Written in 1936 it has aged uncommonly well, though Benny Green in the December 1977 issue of Spectator did have some issues on that front. "Naturally its age shows; there is talk of the London County Council, and at one point the death of George V impinges on the action. But Ballet Shoes proclaims its period in a subtler way; it assumes that everyone speaks or wants to speak standard English."
Folks who wish to know more about the characters can read about them in other Streatfeild tales. According to the Noel Streatfeild website one amongst many, " ‘What Happened to Pauline, Petrova and Posy’ is a short story in which we are told ‘a little about the way things turned out for the three girls’."
In America, Ms. Streatfeild is also known as the author of the "shoe" books. Ballet Shoes. Tennis Shoes. Theater Shoes. Party Shoes. Skating Shoes. Dancing Shoes. Family Shoes. Traveling Shoes. They’re not the original British titles but that’s how we think of them here. Heck, there’s even a moment in the movie You’ve Got Mail where Meg Ryan weepily recites the names of these books in the gigantic box superstore that has replaced her little independent one.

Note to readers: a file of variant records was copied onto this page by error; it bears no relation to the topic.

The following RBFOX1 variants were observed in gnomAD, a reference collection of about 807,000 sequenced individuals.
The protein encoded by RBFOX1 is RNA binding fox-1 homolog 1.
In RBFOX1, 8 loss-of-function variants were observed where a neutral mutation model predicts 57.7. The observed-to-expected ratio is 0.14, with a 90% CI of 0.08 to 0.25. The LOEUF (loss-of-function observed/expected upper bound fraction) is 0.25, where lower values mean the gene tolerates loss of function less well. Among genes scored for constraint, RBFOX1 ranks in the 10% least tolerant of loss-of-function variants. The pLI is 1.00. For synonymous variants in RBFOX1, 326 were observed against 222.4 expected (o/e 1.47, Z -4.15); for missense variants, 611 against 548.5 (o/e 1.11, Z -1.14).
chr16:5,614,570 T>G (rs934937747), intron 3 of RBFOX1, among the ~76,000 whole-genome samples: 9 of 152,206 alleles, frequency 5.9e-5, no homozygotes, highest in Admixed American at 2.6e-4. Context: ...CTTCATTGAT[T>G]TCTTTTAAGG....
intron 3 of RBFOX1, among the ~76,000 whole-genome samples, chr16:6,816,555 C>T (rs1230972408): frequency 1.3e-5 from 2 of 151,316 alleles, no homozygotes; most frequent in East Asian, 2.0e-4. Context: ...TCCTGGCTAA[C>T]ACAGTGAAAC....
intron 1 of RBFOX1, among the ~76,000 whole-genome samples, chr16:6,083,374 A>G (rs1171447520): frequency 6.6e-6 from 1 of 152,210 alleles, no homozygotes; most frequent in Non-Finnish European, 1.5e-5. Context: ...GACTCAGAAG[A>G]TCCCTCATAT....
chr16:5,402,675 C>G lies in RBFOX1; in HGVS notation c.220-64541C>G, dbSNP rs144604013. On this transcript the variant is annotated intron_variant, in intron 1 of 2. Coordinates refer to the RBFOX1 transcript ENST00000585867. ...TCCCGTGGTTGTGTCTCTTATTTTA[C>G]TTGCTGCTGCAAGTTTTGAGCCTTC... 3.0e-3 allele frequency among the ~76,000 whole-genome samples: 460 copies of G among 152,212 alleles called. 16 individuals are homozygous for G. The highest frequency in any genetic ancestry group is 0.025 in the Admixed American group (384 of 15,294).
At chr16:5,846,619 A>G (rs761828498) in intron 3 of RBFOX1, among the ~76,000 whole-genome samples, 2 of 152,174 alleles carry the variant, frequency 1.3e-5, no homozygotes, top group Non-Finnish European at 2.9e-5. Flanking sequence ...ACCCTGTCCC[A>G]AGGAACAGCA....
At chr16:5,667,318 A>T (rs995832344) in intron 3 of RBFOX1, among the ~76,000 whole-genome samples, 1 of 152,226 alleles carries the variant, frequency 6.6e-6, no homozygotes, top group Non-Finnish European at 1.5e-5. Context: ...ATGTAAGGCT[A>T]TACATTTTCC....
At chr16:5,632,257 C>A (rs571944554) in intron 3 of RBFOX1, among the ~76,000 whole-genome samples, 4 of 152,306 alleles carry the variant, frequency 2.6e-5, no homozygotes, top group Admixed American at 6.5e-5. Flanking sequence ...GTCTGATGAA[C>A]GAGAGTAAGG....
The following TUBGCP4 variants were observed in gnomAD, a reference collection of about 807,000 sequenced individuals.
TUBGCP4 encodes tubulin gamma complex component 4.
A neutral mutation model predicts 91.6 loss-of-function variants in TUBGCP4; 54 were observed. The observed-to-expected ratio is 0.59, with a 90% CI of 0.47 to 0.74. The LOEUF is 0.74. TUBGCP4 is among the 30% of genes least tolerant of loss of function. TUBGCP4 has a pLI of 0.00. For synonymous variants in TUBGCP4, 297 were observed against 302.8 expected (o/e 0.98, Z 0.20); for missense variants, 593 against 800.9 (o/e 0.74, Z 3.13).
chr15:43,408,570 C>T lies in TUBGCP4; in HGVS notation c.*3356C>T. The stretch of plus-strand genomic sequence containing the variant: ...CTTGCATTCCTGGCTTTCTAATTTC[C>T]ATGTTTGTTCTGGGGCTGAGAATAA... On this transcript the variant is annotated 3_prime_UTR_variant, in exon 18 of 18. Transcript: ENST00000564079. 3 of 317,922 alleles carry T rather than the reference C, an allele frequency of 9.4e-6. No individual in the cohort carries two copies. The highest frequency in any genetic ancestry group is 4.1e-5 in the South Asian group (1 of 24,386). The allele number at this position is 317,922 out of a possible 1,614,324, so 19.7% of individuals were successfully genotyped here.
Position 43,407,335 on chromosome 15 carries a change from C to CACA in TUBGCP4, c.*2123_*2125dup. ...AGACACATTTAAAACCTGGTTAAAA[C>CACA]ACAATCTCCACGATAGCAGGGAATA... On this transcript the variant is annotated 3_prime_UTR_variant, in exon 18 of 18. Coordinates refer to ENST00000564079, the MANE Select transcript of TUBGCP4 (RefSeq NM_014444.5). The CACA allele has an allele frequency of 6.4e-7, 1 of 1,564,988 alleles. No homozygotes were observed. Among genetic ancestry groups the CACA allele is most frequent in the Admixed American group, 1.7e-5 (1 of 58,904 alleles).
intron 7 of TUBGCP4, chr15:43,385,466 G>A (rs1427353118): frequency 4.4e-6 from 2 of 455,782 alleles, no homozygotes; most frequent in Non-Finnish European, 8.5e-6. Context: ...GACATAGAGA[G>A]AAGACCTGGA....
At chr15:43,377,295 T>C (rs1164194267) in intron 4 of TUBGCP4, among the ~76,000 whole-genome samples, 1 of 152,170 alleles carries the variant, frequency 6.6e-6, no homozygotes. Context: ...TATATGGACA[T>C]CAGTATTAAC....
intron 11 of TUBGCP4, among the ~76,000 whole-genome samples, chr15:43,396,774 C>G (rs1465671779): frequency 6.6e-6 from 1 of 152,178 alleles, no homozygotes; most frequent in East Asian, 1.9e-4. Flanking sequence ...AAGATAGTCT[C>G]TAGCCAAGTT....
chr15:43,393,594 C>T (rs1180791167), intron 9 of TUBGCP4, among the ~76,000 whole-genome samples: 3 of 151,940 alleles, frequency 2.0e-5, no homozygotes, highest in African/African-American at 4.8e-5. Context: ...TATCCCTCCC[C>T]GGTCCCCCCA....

Fun Fact: When it first came out the book sported the subtitle A Children’s Novel of the Theatre. This was eventually changed to the subtitle A Story of Three Children on the Stage. These days, most folks forget it ever had a subtitle at all.
- Any and all additional information should be consulted at the Noel Streatfeild website. There are more facts about the book there than I could ever fit into a mere post.